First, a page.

Compagnie Maritime Marfret v. Natural Waters, Inc., et al.

Filing 35

ORDER that 21 Rowe's Motion to Set Aside 14 Clerk's Entry of Default is GRANTED. FURTHER ORDERED that 15 Marfret's Motion for Default Judgment is GRANTED as to Natural and Lucas, but DENIED as to Rowe. Signed by Judge James C. Mahan on 6/14/17. (Copies have been distributed pursuant to the NEF - MMM)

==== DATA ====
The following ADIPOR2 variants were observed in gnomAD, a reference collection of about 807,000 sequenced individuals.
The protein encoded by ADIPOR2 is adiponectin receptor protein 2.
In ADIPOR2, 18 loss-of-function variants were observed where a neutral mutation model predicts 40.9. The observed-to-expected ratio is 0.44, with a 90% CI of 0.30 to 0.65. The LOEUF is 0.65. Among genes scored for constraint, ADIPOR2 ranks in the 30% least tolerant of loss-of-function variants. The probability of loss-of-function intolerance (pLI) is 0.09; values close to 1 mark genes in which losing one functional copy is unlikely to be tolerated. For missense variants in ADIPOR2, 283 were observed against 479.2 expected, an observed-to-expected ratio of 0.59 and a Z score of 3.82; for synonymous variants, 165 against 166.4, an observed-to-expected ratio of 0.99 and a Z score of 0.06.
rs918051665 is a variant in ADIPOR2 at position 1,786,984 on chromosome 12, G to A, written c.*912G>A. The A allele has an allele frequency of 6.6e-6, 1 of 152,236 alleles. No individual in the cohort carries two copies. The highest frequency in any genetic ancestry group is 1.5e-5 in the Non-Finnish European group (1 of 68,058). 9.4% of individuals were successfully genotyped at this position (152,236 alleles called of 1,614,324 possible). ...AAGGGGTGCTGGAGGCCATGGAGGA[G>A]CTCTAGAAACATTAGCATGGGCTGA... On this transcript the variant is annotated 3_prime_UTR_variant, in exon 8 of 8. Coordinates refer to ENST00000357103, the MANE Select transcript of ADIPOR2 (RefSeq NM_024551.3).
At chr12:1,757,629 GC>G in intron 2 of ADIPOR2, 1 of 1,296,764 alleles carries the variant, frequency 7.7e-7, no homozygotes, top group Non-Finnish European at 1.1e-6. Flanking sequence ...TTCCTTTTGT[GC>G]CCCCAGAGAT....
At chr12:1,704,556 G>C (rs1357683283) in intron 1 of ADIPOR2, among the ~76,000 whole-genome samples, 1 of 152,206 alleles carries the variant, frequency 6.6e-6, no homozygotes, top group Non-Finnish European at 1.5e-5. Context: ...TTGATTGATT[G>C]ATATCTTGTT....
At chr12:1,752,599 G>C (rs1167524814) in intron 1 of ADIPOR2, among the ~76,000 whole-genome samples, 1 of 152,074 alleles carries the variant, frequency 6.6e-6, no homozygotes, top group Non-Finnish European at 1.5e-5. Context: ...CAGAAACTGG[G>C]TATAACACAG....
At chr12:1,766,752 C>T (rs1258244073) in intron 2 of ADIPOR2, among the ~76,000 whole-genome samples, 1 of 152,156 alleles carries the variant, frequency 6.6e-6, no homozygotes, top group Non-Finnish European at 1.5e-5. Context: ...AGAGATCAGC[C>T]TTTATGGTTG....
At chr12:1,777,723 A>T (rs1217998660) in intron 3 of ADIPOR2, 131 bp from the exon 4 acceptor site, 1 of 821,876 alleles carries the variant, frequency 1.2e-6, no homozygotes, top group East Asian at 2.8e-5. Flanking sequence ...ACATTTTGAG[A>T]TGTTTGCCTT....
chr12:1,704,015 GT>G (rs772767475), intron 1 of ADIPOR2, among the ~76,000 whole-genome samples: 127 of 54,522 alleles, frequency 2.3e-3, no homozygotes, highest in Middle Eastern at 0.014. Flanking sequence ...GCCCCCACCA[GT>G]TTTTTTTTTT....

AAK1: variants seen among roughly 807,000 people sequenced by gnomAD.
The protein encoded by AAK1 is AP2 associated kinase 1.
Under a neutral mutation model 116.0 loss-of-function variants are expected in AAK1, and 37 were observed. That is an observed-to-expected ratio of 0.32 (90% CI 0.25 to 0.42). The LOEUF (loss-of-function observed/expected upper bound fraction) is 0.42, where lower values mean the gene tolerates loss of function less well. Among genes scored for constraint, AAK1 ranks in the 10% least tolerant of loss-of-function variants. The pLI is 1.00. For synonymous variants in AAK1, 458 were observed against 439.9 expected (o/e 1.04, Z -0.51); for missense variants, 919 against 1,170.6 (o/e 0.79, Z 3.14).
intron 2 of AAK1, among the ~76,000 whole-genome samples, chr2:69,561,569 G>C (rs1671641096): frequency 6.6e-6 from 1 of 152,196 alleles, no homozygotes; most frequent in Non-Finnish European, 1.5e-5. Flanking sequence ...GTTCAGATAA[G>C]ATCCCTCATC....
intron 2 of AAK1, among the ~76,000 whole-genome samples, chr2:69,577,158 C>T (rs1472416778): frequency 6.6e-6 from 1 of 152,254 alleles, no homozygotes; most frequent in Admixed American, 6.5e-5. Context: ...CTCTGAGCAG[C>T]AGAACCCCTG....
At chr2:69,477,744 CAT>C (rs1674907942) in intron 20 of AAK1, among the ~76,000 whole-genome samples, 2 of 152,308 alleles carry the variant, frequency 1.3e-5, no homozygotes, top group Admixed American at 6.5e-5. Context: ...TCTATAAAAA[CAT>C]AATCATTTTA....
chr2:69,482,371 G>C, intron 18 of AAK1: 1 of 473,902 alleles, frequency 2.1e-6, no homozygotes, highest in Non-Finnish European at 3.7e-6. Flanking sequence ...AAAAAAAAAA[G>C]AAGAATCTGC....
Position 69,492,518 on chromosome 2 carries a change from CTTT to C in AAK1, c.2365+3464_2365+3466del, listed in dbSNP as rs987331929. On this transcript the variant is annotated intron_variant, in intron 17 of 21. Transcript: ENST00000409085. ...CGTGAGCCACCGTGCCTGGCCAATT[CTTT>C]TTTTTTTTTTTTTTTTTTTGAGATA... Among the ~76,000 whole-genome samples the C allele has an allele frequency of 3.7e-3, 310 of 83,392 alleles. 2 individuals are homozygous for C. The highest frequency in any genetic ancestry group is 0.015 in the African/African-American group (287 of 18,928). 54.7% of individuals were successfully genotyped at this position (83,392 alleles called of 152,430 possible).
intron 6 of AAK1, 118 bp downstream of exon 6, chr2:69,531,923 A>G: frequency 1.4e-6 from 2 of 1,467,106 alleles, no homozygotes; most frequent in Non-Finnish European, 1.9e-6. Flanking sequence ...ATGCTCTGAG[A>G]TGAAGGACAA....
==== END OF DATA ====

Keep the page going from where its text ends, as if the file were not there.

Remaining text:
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1 2 3 4 UNITED STATES DISTRICT COURT 5 DISTRICT OF NEVADA 6 *** 7 COMPAGNIE MARITIME MARFRET, 8 Plaintiff(s), 9 10 Case No. 2:16-CV-1211 JCM (PAL) ORDER v. NATURAL WATERS, INC., et al., 11 Defendant(s). 12 13 Presently before the court is plaintiff Compagnie Maritime Marfret’s (“Marfret”) motion 14 for a default judgment against defendants Natural Waters, Inc. (“Natural”), Samuel J. Rowe, and 15 Larry J. Lucas. (ECF No. 15). Defendant Rowe filed a response (ECF No. 22), and plaintiff filed 16 a reply (ECF No. 25). 17 Also before the court is defendant Rowe’s motion to set aside the clerk’s entry of default. 18 (ECF No. 21). Plaintiff has filed a response (ECF No. 26), and Rowe has filed a reply (ECF No. 19 27). 20 Plaintiff filed its complaint on May 31, 2016, alleging three claims against defendants: (1) 21 fraudulent misrepresentation; (2) conversion, and (3) replevin/claim and delivery. (ECF No. 1). 22 Summons to the defendants were returned executed on June 14, 2016; June 17, 2016; and August 23 29, 2016. (ECF Nos. 5–7, 12). On September 28, 2016, plaintiff submitted its motion for entry of 24 clerk’s default, and the clerk entered default on September 30, 2016. (ECF Nos. 13, 14). 25 On November 11, 2016, plaintiff submitted its motion for default judgment. (ECF No. 15). 26 Due to the court’s granting of a stipulation to extend time to respond to the motion for default 27 judgment, Rowe’s response was timely. (ECF Nos. 19, 22). 28 James C. Mahan U.S. District Judge 1 Rowe’s subsequently filed motion to set aside the clerk’s entry of default argues that: (1) 2 his cancer treatment “is a primary reason Rowe did not actively participate earlier [in the case]”; 3 (2) the complaint does not specifically identify Rowe’s connection to the alleged fraud; and (3) 4 Rowe is more appropriately characterized as a fellow victim of the alleged scheme. (ECF No. 21 5 at 2–4). 6 Plaintiff responds that Rowe’s motion fails to offer “a sufficient explanation as to why 7 Rowe failed to timely answer the complaint, despite the fact that he had actual notice of its 8 pendency for months prior to the entry of default.” (ECF No. 26 at 2). Additionally, plaintiff 9 requests that, should the court grant the motion to set aside the entry of default, Rowe pay 10 “reasonable attorneys’ fees and costs incurred in obtaining the default and in responding to the 11 present Motion.” (Id. at 2–3). 12 “The court may set aside an entry of default for good cause . . . .” Fed. R. Civ. P. 55(c). 13 When adjudicating this question, a court considers if “(1) the plaintiff would be prejudiced if the 14 judgment is set aside, (2) defendant has no meritorious defense, or (3) the defendant’s culpable 15 conduct led to the default.” Coen Co., Inc. v. Pan Int’l, Ltd., 307 F.R.D. 498, 503 (N.D. Cal. 2015) 16 (quoting In re Hammer, 940 F.2d 524, 525–26 (9th Cir. 1991)). Meeting any one of these prongs 17 is sufficient. United States v. Signed Pers. Check No. 730 of Yubran S. Mesle, 615 F.3d 1085, 18 1091 (9th Cir. 2010) [hereinafter “Signed”]. 19 Furthermore, the Ninth Circuit has emphasized that a trial court should adjudicate a case 20 on its merits “whenever possible.” Falk v. Allen, 739 F.2d 461, 463 (9th Cir. 1984); see also 21 Signed, 615 F.3d at 1091 (noting that the standard for relief under Federal Rule of Civil Procedure 22 55(c) is the same as the standard for relief under Federal Rule of Civil Procedure 60(b)). 23 Here, the court finds that Rowe has identified a plausible defense in this case. Specifically, 24 he questions the sufficiency of the complaint’s factual allegations regarding his purported 25 fraudulent behavior. See (ECF No. 21). Presently, it is not clear that plaintiff’s complaint would 26 satisfy Federal Rule of Civil Procedure’s 9(b)’s heightened pleading requirement as it pertains to 27 this defendant. See Vess v. Ciba-Geigy Corp. USA, 317 F.3d 1097, 1103–04 (9th Cir. 2003); (ECF 28 James C. Mahan U.S. District Judge -2- 1 No. 1); see also Fed. R. Civ. P. 9(b) (“In alleging fraud or mistake, a party must state with 2 particularity the circumstances constituting fraud or mistake.”). 3 Finally, the court holds that plaintiff has not sufficiently shown that Rowe’s dilatory 4 participation in the case has directly produced prejudicial effects. See (ECF No. 26); see also 5 Nilsson, Robbins, Dalgarn, Berliner, Carson & Wurst v. Louisiana Hydrolec, 854 F.2d 1538, 1546 6 (9th Cir. 1988) (suggesting that the decision of whether to apply conditions to the court’s setting 7 aside of default is discretionary). 8 In sum, the court will grant Rowe’s motion to set aside the clerk’s entry of default. (ECF 9 No. 21). Because this holding does not change Natural and Lucas’s default status—and the same 10 have not presented an objection to plaintiff’s motion for default judgment—that motion will be 11 granted as to those two defendants. (ECF No. 15). However, that motion will be denied as to 12 Rowe. 13 Accordingly, 14 IT IS HEREBY ORDERED, ADJUDGED, AND DECREED that Rowe’s motion to set 15 16 17 18 19 20 aside the clerk’s entry of default (ECF No. 21) be, and the same hereby is, GRANTED. IT IS FURTHER ORDERED that Marfret’s motion for default judgment (ECF No. 15) be, and the same hereby is, GRANTED as to Natural and Lucas, but DENIED as to Rowe. DATED June 14, 2017. __________________________________________ UNITED STATES DISTRICT JUDGE 21 22 23 24 25 26 27 28 James C. Mahan U.S. District Judge -3-

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